After the seminar, Bates said both reverse engineering and front-running by prop desks were entirely feasible concepts. With regards to the latter, he said that algorithmic trading had its origins as a tool designed to get prop desks better execution, so it was not surprising that some traders were able both to spot their impact and pre-empt their market entry. Bates said the next generation of algorithms would have built-in “genetic modifications”, so that they constantly evolved.

Liquidity is crucial

Much was made during the seminar of the seemingly fragmented nature of the spot FX market. Bates pointed out that to work effectively, algorithms needed either a single liquidity pool or concurrent access to multiple trading venues. “Deep liquidity makes algo use easier,” he said later. “FX doesn’t have the same structure (as equities) trading liquidity pools. That’s why there’s an interest to monitor all the pools and sit on top of them.”

A recent report from the Tabb Group, entitled Outlook on algorithms, also highlighted this fragmentation and pointed towards it as slowing their uptake. “The percentage of FX volume that is traded electronically is growing quite rapidly but is hampered by the fact that it is a fragmented dealer market. Aggregation is the name of the game in the FX space, as it would allow traders to develop smart-routing mechanisms to shrink the disparate market to a single order book,” wrote the report’s author Adam Sussman.

However, this aggregation, rather than the use of algorithms, is causing the so-called liquidity mirage in the FX market and creating situations where various platforms can be “spoofed”. This is proving irksome to certain sell-side traders, but a boon to some of the smarter, more technologically advanced players on the buy side who can spoof the market more frequently and swiftly than was possible in the past.

Jeremy Smart, executive director at Morgan Stanley, pointed out that despite the pitfalls there were numerous benefits to electronic trading. He said market access was now easier and lower prime brokerage was also further helping to open up Reuters and EBS, which he described as the central markets.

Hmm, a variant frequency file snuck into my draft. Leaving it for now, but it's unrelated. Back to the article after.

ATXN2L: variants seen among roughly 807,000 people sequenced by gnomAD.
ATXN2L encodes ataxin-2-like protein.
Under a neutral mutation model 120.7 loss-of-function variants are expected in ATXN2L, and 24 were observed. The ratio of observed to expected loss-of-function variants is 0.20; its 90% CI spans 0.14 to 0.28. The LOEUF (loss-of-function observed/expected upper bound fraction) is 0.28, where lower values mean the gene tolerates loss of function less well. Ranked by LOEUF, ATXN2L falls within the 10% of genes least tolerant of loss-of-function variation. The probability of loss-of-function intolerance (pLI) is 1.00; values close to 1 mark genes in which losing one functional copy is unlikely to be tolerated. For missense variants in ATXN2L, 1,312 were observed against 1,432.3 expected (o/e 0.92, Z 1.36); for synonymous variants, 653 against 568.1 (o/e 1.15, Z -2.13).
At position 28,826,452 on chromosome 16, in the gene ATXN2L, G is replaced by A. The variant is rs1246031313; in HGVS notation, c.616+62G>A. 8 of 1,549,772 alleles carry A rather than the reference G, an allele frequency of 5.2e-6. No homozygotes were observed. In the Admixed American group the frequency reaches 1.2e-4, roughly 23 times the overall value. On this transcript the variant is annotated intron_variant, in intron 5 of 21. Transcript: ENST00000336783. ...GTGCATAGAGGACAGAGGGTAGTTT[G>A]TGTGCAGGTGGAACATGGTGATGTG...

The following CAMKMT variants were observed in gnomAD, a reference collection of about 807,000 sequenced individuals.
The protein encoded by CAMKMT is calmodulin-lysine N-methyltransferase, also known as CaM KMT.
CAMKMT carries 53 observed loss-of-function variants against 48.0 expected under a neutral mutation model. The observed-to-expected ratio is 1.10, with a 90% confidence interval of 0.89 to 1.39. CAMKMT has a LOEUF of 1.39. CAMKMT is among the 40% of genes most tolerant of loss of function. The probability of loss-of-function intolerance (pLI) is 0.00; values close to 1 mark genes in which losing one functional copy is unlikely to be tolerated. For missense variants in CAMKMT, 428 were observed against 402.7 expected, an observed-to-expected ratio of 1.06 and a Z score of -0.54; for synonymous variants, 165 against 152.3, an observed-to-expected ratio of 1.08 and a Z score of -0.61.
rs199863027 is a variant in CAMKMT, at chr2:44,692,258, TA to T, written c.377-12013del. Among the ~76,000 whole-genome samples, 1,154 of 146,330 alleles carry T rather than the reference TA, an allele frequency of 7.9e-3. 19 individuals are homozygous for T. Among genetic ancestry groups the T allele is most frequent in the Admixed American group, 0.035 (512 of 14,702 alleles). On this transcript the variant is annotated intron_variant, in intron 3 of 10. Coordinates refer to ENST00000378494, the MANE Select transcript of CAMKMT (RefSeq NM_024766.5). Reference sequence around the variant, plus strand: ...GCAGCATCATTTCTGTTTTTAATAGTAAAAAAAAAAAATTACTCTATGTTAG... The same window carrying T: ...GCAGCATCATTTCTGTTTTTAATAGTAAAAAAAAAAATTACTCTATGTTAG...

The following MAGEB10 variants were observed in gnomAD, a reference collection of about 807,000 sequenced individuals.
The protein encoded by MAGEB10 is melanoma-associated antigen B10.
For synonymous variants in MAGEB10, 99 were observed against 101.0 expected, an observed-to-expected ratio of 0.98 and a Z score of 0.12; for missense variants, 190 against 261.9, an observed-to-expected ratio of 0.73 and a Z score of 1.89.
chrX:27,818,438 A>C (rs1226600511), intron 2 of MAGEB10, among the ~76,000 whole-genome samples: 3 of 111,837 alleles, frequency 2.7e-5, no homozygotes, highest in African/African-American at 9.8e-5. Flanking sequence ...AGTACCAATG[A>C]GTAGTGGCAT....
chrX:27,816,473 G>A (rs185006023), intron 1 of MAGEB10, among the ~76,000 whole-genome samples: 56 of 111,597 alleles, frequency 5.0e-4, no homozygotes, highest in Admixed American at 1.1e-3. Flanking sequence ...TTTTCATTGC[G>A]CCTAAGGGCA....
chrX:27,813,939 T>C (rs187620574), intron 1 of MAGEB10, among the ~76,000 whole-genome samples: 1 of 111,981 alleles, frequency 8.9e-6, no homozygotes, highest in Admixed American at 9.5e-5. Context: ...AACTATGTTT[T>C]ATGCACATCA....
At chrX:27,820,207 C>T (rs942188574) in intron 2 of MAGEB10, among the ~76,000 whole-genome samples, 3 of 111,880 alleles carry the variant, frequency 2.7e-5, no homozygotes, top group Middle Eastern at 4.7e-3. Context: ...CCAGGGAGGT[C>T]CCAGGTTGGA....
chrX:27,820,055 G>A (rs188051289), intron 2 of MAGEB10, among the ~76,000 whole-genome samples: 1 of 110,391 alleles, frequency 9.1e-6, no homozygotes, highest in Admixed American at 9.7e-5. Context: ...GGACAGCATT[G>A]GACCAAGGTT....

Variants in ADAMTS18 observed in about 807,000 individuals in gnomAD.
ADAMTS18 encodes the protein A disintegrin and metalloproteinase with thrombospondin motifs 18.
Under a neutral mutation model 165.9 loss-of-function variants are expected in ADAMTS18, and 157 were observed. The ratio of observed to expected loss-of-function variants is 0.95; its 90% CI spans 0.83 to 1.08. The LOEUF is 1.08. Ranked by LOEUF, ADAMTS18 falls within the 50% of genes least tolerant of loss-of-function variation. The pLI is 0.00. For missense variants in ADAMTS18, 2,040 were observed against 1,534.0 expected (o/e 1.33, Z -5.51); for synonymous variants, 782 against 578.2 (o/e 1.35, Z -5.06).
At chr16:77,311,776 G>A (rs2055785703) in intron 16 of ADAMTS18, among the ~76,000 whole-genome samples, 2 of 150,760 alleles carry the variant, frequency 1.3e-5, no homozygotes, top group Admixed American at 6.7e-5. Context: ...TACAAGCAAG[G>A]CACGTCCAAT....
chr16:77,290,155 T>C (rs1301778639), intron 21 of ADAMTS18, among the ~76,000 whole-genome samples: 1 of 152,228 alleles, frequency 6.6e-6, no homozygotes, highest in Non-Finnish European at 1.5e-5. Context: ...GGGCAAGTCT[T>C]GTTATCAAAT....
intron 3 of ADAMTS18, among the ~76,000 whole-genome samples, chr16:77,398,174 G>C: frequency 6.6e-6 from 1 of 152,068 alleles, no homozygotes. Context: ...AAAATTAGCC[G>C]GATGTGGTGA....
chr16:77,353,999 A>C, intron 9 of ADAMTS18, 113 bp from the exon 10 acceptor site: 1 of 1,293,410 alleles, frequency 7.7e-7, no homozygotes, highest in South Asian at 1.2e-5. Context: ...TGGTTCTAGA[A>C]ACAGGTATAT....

Blurring distinctions

Smart said it was for the sell side to adapt to the challenges posed by the new entrants to the market. “Newcomers to FX are forcing the market makers to catch up,” he said. “These guys don’t always have an FX background. They don’t require or need large amounts of capital. These guys can trade two, three or four yards a day in $1 million increments. Often they can be two men and a server, or the market-making part of a large hedge fund.” He added that algorithmic program use was blurring the distinction between the buy and sell side.

According to Smart, the sell side had to learn not to pigeonhole all of its clients and appreciate their differences. By taking a flexible approach, Smart believed that it was possible for both the buy and sell sides to trade profitably.

Looking ahead, all three speakers agreed that multi-asset class trading was fast approaching and that algorithms would have a big part to play in executing strategies in terms of order timing and execution as well as trade identification.

Another theme to emerge throughout the seminar was the importance of transaction cost analysis (TCA). The use of algorithms has made it possible to analyse more fully the true cost of trading. Interestingly, though, even though it seems that plenty of TCA has been carried out on the most efficient way of dealing, it seems little or no research has been carried out on the true cost of designing, implementing and maintaining an algorithmic trading solution. That in itself seems to sum up nicely the somewhat schizophrenic nature of the FX market.